Uncle Sabri has a love for food that is absolutely remarkable. Watching him enjoy a meal, is an experience in itself. He appreciates each and every ingredient so much, and I think we could all learn something from this... I know I sure have. Good food is his main concern in life, and he truly believes that it should be this way for everyone.

Uncle Sabri and me in his NJ pizzeria

I hope you enjoyed this story. It motivates me to follow my dreams because anything is possible. Just as Uncle Sabri appreciates the art of food, I too feel the same way.


PS. Coming soon! Uncle Sabri will be opening a Trattoria in NYC's West Village. More information to come!

Monday, June 8, 2009

Simplicity is Key.

For my first post, I see fit that I post the simplest of my staples: arugula salad with sauteed mushrooms and zucchini. I eat this salad every week without fail. Living in New York City and working 10 hour days in the office, does not allow for much time to cook epic dinners for yourself every night. Not to worry! The ingredients in this salad are minimal and can be picked up at any local market -- 3 minutes, in and out!

This salad is extremely light; it actually makes me feel healthier.
After indulging, you aren't left feeling tired and full, you will be delighted and satisfied. Lemons are the key ingredient for the fresh taste and they make for a great salad dressing. The acidity brings out the flavors in the vegetables and gives it a pure taste. This light dressing of olive oil and lemon juice is an extremely healthy alternative to the bottled salad dressing, filled with sugar and lots of chemicals.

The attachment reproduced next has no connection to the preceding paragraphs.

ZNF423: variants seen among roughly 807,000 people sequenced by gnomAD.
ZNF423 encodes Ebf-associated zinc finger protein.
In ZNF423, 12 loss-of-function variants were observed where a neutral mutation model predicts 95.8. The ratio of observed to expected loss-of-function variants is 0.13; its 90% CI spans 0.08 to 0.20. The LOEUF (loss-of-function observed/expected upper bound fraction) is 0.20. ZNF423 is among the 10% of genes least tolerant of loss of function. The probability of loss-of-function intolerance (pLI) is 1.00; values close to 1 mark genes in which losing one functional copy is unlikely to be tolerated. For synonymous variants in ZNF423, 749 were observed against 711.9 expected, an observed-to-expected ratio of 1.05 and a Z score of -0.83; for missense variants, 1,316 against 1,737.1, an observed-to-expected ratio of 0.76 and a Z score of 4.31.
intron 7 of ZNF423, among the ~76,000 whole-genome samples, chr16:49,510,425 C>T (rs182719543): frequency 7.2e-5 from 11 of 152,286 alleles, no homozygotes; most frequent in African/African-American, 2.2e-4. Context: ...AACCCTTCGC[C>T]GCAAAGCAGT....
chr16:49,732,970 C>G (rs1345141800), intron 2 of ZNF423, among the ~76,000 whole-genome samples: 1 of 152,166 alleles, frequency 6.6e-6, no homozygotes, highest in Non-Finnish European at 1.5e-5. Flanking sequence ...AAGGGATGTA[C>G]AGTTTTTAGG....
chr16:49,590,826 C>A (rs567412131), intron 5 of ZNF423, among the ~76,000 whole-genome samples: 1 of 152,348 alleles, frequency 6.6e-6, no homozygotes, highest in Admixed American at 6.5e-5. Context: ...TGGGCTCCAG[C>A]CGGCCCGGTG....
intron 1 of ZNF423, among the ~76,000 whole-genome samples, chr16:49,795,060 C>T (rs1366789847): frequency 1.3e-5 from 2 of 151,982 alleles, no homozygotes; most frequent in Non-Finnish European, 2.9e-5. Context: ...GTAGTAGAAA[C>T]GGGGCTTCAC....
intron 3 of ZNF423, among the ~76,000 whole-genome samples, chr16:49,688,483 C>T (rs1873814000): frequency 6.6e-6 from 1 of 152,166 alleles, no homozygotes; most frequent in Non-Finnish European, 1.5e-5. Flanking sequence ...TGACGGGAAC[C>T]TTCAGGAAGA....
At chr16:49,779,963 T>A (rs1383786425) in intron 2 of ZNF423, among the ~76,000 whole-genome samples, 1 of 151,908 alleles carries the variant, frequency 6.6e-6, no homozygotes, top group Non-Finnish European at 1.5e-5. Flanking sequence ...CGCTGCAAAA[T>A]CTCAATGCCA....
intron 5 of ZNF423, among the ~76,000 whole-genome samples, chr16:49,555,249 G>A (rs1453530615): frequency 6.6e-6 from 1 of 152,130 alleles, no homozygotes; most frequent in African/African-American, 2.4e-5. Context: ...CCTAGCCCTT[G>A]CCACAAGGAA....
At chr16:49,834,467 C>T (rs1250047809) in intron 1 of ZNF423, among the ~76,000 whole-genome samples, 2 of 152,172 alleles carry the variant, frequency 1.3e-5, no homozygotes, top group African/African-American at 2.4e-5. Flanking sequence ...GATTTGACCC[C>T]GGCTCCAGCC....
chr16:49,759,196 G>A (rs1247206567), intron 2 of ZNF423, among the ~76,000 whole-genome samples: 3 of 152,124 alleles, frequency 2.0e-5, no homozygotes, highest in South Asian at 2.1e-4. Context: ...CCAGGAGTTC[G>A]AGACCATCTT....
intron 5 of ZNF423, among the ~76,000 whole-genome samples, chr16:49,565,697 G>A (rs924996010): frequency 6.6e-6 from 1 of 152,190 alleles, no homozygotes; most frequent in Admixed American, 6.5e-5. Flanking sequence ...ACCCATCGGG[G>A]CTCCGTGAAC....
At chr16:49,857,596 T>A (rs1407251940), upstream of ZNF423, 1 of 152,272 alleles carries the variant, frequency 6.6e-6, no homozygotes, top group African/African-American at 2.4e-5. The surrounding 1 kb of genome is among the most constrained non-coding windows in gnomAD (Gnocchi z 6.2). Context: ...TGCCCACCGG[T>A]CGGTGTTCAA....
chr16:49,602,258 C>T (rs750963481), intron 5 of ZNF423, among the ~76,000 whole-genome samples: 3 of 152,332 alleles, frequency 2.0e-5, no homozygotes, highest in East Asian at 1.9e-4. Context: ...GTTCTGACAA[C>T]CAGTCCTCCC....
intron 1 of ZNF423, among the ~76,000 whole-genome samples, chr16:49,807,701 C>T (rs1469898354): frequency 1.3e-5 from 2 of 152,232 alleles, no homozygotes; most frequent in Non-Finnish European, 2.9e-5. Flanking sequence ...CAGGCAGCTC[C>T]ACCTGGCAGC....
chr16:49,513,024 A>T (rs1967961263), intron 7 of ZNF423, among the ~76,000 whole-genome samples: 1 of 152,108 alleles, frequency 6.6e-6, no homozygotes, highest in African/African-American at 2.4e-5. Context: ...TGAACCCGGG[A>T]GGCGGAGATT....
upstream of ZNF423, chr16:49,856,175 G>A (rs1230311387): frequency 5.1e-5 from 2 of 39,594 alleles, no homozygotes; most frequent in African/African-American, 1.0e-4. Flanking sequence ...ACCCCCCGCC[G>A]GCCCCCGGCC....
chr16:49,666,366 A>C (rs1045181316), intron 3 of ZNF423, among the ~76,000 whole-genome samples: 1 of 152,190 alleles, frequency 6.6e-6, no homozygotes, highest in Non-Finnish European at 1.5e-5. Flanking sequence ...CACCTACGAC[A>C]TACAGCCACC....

Serves 2 (I have an incredible appetite)

4 Handfuls Baby Arugula
1 Zucchini, sliced about 1/4" thick and cut into half moons
10 Baby Portabella Mushrooms, sliced
2 Tablespoons Olive Oil
1 Tablespoon Soy Sauce
Sesame Seeds (optional)

4 Tablespoons Extra Virgin Olive Oil
Juice of Half a Lemon, a whole if you are obsessed with citrus like myself
A couple shakes of Garlic Powder
Salt & Pepper to taste
**Please note: there is no pepper like fresh ground pepper.

In a saucepan, heat oil. Add zucchini and season with little salt and pepper. Saute for a few minutes, until becoming slightly opaque. Add mushrooms. Cook with zucchini for 5 minutes until both are slightly soft. Turn off burner and mix in soy sauce. Let sit.

In a large salad bowl, place arugula. Add all ingredients for dressing. Toss well. Place mushrooms and zucchini atop arugula and sprinkle with sesame seeds. Eat and enjoy.

Can be served with your favorite loaf of bread.